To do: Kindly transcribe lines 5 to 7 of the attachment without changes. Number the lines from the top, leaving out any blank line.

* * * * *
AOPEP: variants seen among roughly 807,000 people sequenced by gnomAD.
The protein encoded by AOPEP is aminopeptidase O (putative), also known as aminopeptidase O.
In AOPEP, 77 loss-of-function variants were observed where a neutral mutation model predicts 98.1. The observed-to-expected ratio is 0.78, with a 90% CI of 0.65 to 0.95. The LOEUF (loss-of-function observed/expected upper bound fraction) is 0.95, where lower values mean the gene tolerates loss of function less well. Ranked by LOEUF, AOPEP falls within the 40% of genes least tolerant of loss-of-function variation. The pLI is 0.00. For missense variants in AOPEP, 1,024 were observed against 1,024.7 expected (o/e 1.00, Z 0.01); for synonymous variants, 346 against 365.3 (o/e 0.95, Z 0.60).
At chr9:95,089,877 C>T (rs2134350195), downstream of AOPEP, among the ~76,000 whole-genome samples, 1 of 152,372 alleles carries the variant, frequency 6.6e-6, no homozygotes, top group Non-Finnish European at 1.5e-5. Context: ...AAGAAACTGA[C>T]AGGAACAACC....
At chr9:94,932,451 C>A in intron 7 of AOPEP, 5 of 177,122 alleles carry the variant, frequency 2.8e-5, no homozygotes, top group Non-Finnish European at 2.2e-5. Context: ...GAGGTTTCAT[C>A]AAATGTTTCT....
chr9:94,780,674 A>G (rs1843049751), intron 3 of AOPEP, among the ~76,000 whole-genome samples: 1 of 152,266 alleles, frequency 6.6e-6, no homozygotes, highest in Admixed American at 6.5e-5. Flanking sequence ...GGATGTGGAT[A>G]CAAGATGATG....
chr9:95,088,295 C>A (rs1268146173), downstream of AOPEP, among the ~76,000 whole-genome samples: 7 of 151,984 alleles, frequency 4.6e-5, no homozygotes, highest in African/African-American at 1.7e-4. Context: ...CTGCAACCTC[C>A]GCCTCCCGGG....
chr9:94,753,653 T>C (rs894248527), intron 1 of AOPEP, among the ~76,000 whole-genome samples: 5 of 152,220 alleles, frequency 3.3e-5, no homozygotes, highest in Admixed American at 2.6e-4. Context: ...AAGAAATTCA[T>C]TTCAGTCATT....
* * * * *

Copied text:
At chr9:94,932,451 C>A in intron 7 of AOPEP, 5 of 177,122 alleles carry the variant, frequency 2.8e-5, no homozygotes, top group Non-Finnish European at 2.2e-5. Context: ...GAGGTTTCAT[C>A]AAATGTTTCT....
chr9:94,780,674 A>G (rs1843049751), intron 3 of AOPEP, among the ~76,000 whole-genome samples: 1 of 152,266 alleles, frequency 6.6e-6, no homozygotes, highest in Admixed American at 6.5e-5. Flanking sequence ...GGATGTGGAT[A>G]CAAGATGATG....
chr9:95,088,295 C>A (rs1268146173), downstream of AOPEP, among the ~76,000 whole-genome samples: 7 of 151,984 alleles, frequency 4.6e-5, no homozygotes, highest in African/African-American at 1.7e-4. Context: ...CTGCAACCTC[C>A]GCCTCCCGGG....